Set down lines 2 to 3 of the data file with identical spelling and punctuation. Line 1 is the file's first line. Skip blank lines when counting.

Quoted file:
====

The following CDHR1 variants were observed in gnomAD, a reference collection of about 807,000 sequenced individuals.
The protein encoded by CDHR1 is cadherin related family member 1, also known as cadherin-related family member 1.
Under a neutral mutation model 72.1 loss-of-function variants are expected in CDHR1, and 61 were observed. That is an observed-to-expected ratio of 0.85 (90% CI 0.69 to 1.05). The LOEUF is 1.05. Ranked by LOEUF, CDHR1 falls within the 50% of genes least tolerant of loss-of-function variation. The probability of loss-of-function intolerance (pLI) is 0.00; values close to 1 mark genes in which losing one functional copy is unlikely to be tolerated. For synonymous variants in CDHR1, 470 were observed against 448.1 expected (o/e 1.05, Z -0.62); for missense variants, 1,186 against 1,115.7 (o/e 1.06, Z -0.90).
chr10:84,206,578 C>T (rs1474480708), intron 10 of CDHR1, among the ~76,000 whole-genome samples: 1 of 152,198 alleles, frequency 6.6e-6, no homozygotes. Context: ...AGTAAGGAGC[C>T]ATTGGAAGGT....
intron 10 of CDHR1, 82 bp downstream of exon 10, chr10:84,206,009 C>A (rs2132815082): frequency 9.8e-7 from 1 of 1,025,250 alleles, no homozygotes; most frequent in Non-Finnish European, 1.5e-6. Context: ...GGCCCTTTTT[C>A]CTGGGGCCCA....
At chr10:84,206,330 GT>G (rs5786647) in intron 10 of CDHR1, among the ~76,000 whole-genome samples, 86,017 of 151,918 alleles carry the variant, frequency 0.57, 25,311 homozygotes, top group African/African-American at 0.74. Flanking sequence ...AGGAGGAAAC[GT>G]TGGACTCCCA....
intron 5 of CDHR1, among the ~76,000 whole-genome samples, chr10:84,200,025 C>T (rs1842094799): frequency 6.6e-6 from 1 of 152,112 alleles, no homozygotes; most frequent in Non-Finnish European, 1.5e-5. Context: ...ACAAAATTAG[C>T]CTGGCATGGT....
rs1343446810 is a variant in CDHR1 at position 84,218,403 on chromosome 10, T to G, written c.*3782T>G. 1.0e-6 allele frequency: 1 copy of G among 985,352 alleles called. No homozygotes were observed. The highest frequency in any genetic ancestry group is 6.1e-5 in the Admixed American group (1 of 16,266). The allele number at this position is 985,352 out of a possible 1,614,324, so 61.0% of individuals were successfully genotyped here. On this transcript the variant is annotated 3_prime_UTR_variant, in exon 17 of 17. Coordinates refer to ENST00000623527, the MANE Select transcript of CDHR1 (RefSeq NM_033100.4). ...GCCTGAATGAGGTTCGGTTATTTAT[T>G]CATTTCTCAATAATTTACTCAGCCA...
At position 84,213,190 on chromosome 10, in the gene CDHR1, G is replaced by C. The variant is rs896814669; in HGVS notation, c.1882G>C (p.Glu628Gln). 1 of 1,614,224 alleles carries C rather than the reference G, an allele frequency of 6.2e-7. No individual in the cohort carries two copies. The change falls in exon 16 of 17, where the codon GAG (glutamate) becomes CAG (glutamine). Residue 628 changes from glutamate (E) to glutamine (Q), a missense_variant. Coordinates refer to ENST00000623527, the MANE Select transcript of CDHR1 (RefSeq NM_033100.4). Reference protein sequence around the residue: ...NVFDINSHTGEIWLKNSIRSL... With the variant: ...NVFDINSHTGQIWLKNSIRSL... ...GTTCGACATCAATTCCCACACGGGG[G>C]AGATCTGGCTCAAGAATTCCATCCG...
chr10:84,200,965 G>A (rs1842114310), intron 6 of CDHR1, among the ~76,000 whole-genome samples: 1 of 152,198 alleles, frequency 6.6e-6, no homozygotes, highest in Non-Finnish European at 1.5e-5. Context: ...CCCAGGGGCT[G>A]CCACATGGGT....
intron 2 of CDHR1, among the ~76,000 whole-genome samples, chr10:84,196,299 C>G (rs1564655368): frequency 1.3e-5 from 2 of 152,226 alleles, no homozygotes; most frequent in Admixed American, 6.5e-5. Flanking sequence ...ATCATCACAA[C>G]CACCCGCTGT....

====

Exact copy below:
The protein encoded by CDHR1 is cadherin related family member 1, also known as cadherin-related family member 1.
Under a neutral mutation model 72.1 loss-of-function variants are expected in CDHR1, and 61 were observed. That is an observed-to-expected ratio of 0.85 (90% CI 0.69 to 1.05). The LOEUF is 1.05. Ranked by LOEUF, CDHR1 falls within the 50% of genes least tolerant of loss-of-function variation. The probability of loss-of-function intolerance (pLI) is 0.00; values close to 1 mark genes in which losing one functional copy is unlikely to be tolerated. For synonymous variants in CDHR1, 470 were observed against 448.1 expected (o/e 1.05, Z -0.62); for missense variants, 1,186 against 1,115.7 (o/e 1.06, Z -0.90).